People in Japan responded to the remark with a heartwarming hashtag that immediately went viral, showing support for the Tohoku region.
Great East Japan Earthquake
Numbers alone can be hard to visualize, but this makes things terrifyingly easy to understand.
It’s amazing to see how far the region has come just six years after the 2011 tsunami, earthquake and nuclear disaster.
That means Tauros, Mr Mime and Kanghaskan could be caught in Japan for a limited time.
Artists from around the country took part in the project, which sees Pikachu saying thank you in forty different ways.
The final result is a powerful short film that will grip you.
A little over four years ago, a week before the 2011 Tohoku earthquake and tsunami, 50 melon-headed whales were found beached in Ibaraki Prefecture, only about 100 kilometers (62 miles) from the earthquake’s epicenter.
Now the same omen of bad things to come has happened again. On April 9, about 150 melon-headed whales were found beached in Ibaraki Prefecture. As emergency teams race to save the whales, one thought is sitting in the back of their minds: is this foreshadowing another giant earthquake?
This coming spring will mark four years since the devastating earthquake and tsunami that struck Japan on March 11, 2011. While that’s not nearly long enough for the those who experienced the tragedy first-hand to forget about the destruction, sadness, and fear, some politicians are concerned that in time memories will fade, which is why a bill is being introduced in the Japanese Diet to establish March 11 as an official day of remembrance of the disaster.
Have you ever thought about where you’d like to be born if you were reincarnated? It may be an odd question, but in Japan this has been asked every five years to citizens around the country since Showa 28 (1953). It seems like a pretty unassuming survey, but it appears to be a cleverly phrased poll that is able to determine how the citizens really feel about their home country.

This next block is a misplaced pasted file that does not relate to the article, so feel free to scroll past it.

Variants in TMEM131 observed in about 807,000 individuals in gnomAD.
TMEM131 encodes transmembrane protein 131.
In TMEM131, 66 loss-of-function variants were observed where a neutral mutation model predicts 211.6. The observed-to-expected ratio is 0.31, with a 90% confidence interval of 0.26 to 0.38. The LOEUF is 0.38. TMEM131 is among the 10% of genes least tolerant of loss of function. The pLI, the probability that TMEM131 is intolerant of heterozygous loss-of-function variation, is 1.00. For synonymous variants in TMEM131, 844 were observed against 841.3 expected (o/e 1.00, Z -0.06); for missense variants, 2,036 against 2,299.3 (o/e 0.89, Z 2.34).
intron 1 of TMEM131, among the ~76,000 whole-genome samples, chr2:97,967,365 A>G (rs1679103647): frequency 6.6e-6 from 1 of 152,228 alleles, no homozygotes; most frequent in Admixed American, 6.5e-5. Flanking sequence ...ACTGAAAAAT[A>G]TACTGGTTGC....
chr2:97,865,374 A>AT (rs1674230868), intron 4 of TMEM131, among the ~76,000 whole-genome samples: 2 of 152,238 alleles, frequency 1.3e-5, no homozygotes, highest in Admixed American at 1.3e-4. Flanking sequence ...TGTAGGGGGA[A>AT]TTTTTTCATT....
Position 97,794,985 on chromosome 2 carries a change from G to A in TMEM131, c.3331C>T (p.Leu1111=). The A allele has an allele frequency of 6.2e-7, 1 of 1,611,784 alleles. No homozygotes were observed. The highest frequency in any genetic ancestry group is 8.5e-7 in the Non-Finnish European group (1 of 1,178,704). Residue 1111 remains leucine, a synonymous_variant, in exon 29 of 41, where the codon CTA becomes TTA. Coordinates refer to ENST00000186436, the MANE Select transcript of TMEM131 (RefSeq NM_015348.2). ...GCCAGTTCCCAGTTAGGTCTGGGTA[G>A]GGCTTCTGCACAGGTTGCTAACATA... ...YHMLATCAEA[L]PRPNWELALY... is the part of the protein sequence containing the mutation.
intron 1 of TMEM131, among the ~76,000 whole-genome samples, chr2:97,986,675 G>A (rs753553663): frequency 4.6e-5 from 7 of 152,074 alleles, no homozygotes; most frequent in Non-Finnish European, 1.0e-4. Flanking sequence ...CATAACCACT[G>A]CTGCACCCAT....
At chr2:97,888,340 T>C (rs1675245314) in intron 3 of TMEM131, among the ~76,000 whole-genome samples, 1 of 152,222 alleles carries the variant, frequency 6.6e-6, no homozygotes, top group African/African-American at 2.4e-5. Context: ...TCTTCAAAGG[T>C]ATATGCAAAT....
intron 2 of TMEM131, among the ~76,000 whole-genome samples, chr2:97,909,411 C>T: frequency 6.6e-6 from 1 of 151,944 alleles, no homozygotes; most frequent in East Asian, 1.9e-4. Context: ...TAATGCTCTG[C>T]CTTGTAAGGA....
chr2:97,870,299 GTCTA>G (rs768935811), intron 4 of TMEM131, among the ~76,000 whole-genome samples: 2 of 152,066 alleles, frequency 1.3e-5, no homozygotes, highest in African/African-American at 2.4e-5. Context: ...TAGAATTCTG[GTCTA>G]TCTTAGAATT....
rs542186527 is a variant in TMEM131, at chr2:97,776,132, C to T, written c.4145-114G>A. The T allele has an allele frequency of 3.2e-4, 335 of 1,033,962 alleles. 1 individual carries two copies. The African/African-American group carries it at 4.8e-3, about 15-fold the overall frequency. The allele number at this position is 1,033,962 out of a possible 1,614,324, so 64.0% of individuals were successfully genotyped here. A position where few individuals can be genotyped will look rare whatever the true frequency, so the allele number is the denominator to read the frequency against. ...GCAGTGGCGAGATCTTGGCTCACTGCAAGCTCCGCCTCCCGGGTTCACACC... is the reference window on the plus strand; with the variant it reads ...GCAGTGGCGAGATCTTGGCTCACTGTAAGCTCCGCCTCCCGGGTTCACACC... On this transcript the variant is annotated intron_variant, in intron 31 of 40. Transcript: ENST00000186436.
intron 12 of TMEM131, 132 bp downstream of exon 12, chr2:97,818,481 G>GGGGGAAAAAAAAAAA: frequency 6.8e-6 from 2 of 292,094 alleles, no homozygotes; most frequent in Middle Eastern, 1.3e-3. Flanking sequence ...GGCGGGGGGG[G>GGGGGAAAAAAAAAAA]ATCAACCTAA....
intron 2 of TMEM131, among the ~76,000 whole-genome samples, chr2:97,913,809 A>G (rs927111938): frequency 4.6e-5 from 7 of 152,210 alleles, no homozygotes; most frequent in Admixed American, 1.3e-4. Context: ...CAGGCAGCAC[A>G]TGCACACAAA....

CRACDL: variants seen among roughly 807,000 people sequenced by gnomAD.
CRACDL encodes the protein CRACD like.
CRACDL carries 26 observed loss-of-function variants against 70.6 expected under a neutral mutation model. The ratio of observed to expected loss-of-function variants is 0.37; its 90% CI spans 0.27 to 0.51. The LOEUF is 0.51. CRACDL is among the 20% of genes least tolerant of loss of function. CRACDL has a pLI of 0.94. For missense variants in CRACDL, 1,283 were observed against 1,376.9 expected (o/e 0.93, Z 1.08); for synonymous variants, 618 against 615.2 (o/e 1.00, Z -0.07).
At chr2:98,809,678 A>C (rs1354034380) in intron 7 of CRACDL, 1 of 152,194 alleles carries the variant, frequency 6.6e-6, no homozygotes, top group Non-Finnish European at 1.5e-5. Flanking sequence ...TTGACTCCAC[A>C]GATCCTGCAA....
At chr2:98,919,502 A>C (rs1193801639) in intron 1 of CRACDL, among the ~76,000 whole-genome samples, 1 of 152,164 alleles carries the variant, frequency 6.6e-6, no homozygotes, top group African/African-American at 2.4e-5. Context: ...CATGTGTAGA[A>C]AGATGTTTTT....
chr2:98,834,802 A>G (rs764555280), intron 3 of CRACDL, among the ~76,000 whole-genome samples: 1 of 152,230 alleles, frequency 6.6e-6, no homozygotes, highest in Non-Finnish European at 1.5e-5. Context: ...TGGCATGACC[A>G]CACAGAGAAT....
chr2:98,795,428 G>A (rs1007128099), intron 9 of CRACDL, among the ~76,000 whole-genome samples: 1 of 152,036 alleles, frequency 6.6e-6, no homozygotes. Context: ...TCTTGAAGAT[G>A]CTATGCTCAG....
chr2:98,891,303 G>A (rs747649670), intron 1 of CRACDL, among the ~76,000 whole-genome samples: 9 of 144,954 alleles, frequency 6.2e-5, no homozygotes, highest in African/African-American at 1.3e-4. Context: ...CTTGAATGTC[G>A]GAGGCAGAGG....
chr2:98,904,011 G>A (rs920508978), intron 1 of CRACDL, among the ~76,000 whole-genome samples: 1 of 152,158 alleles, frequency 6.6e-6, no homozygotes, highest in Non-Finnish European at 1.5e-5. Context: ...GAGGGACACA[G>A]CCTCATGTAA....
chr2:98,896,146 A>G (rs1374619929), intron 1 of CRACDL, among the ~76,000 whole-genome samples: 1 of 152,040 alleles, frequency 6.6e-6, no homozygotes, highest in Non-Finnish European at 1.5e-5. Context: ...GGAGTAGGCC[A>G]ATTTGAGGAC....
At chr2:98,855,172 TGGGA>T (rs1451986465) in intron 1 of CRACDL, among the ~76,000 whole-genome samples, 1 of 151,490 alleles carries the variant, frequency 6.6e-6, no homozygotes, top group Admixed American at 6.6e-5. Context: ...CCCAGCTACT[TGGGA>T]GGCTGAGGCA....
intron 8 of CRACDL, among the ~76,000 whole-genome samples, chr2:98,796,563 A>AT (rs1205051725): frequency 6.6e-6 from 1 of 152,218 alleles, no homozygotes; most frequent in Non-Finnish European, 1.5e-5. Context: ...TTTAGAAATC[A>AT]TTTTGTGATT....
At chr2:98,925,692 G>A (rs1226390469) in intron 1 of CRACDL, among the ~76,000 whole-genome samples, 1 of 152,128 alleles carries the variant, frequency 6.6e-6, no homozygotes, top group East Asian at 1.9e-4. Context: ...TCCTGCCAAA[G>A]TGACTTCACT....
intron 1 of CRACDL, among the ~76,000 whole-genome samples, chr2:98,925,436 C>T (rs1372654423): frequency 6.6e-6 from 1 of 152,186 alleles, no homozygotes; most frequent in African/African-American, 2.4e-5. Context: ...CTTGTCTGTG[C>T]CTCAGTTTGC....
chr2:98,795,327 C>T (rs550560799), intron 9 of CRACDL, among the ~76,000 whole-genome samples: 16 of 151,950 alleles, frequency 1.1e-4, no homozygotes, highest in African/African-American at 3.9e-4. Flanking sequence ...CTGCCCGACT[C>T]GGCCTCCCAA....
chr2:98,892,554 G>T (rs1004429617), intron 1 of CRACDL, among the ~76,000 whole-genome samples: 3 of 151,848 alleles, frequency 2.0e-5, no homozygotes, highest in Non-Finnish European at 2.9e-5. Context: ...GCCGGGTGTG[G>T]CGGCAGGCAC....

What better way to find out if Japan is doing right by their youth, by asking them if they’d be willing to do it all over again! Find out what they learned after the jump.
Often life-altering events can inspire incredible artistic endeavors, and while the Great East Japan Earthquake is a tragic day for many people, that tragedy can inspire amazing creativity. One particular 89-year-old is using his skills to turn melancholy scenes into hopeful invigorating masterpieces.
Already well-known for delighting children with his character Keroyon, the frog who drives a red convertible, Seiji Fujishiro is probably most famous for his shadow art. These brilliant pieces of work show amazing scenes populated by his signature silhouetted elvish characters. Recently, he has turned his attention to the affected areas of the Tohoku region and has created astounding art from some iconic images created by the disaster.
For those affected by the Great East Japan Earthquake, three and a half years still might not be enough time separating the event from the present day. Each slight tremble in the earth, any loud alarm can be a painful reminder of all that was lost that afternoon. While the saying goes “time heals all wounds”, a bit of light-hearted fun always helps the process along. On August 11, 2014, on the 3 ½ year mark of the disastrous event, the LIGHT UP NIPPON event will be celebrating in remembrance, as it has for the past four years.
Three years ago, Japan’s northeastern region was devastated by a triple disaster of a Magnitude 9.0 earthquake, an ensuing tsunami that wiped away whole towns and caused the meltdown of a nuclear power plant. Affected deeply by the tragedy, Japan has since rallied together as a country to support those who lost loved ones, livelihoods and homes.
Last week, as a part of remembering the three years that have passed since the disaster, famed German camera maker Leica gave a high-end camera worth 1,200,000 yen (US$12,000) to a high school student whose community was devastated by the tsunami. Initially touched by the show of support, Japanese netizens began a heated conversation online about whether the very generous gift was a heart-felt present or just a PR stunt for the well-known camera maker.
The Japanese Red Cross Society recently released a summary of countries and territories that sent donations (as of the end of 2012) to the organization following the Great East Japan Earthquake. Topping the list were the United States and Taiwan, number one and two respectively, with donations in excess of 2.9 billion yen (approx. US$29 million) each. A total of 22.7 billion yen was received from 179 countries and territories, including from among the world’s poorest nations. Drawing the attention of some Netizens was the fact that neighboring South Korea failed to make the top 20.